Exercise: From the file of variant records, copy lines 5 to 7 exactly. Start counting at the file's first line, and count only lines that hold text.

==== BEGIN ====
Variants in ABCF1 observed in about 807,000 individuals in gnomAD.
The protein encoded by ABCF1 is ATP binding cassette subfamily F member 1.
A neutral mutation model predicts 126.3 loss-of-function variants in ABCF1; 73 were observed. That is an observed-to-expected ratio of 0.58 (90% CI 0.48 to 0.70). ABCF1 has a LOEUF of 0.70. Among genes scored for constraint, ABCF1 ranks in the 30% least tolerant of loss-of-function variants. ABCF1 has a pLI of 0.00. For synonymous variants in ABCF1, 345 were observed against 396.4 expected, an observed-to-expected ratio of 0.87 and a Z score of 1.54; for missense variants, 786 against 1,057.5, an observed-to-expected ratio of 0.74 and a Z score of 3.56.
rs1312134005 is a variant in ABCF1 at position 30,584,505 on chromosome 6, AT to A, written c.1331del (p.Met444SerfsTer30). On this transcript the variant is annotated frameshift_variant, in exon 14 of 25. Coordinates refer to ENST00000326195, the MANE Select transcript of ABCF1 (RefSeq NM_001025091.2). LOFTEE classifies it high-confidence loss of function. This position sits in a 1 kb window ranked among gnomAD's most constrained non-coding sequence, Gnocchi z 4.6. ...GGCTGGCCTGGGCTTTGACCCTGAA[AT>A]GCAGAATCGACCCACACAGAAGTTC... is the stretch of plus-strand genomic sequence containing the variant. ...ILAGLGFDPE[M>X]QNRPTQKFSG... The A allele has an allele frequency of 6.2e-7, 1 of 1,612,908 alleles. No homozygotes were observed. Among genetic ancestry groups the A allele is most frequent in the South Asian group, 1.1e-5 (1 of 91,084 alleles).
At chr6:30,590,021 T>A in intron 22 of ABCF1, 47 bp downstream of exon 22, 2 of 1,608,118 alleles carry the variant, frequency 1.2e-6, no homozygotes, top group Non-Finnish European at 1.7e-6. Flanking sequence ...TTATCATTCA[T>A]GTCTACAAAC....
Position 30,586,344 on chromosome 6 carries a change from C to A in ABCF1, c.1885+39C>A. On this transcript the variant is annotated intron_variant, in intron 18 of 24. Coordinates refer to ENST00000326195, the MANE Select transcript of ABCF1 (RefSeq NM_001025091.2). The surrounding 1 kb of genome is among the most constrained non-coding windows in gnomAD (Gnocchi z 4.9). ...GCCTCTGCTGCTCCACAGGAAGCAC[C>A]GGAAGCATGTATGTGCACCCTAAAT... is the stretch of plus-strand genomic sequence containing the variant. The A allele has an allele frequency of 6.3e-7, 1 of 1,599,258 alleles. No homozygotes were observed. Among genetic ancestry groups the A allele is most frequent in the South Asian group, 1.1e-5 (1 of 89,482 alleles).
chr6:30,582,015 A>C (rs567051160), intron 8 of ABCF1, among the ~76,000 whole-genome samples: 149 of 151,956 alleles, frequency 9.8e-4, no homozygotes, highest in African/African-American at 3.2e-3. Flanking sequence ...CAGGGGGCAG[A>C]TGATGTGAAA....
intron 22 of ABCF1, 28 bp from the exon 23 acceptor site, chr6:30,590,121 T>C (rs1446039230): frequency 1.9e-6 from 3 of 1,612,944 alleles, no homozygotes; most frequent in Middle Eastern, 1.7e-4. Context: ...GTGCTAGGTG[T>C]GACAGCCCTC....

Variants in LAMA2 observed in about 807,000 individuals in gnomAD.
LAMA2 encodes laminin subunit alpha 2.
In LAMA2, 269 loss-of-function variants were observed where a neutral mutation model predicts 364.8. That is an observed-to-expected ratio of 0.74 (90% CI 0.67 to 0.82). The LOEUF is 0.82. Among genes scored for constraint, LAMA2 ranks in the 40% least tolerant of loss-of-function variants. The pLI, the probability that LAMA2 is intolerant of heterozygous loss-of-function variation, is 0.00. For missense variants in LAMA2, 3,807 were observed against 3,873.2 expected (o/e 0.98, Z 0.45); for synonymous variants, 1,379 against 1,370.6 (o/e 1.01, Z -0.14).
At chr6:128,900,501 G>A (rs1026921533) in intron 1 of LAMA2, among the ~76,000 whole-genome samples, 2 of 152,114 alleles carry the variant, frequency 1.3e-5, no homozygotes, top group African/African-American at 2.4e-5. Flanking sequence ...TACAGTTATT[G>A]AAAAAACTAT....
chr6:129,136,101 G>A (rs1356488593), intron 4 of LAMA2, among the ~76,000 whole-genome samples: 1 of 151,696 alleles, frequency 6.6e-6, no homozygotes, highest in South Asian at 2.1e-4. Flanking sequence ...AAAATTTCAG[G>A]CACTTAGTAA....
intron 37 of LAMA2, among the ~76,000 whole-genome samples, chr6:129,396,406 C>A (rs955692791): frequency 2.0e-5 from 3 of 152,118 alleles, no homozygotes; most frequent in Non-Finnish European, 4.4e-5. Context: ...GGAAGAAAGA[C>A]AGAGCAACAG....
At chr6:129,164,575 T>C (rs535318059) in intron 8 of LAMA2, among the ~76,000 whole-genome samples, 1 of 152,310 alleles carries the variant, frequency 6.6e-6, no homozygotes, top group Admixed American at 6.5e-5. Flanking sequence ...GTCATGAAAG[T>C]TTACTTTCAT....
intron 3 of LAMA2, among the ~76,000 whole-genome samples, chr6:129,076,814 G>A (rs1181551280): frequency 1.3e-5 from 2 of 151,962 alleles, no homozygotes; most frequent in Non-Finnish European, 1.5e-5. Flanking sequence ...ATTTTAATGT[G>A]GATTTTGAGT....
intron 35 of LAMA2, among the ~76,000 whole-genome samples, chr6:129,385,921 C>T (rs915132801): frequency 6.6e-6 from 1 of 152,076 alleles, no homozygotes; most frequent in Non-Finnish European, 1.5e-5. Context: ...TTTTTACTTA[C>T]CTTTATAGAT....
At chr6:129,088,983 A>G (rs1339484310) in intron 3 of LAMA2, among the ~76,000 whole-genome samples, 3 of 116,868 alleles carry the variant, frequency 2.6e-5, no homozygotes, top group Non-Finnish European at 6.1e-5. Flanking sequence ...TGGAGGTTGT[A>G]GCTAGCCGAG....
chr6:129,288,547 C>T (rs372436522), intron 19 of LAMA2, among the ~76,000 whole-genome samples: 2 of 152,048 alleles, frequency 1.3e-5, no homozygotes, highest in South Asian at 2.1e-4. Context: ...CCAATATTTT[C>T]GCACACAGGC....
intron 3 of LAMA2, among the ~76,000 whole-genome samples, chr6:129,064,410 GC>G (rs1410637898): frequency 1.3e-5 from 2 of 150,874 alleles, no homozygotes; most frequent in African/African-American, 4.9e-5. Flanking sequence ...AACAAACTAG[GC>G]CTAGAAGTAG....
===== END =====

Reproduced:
At chr6:30,590,021 T>A in intron 22 of ABCF1, 47 bp downstream of exon 22, 2 of 1,608,118 alleles carry the variant, frequency 1.2e-6, no homozygotes, top group Non-Finnish European at 1.7e-6. Flanking sequence ...TTATCATTCA[T>A]GTCTACAAAC....
Position 30,586,344 on chromosome 6 carries a change from C to A in ABCF1, c.1885+39C>A. On this transcript the variant is annotated intron_variant, in intron 18 of 24. Coordinates refer to ENST00000326195, the MANE Select transcript of ABCF1 (RefSeq NM_001025091.2). The surrounding 1 kb of genome is among the most constrained non-coding windows in gnomAD (Gnocchi z 4.9). ...GCCTCTGCTGCTCCACAGGAAGCAC[C>A]GGAAGCATGTATGTGCACCCTAAAT... is the stretch of plus-strand genomic sequence containing the variant. The A allele has an allele frequency of 6.3e-7, 1 of 1,599,258 alleles. No homozygotes were observed. Among genetic ancestry groups the A allele is most frequent in the South Asian group, 1.1e-5 (1 of 89,482 alleles).
chr6:30,582,015 A>C (rs567051160), intron 8 of ABCF1, among the ~76,000 whole-genome samples: 149 of 151,956 alleles, frequency 9.8e-4, no homozygotes, highest in African/African-American at 3.2e-3. Flanking sequence ...CAGGGGGCAG[A>C]TGATGTGAAA....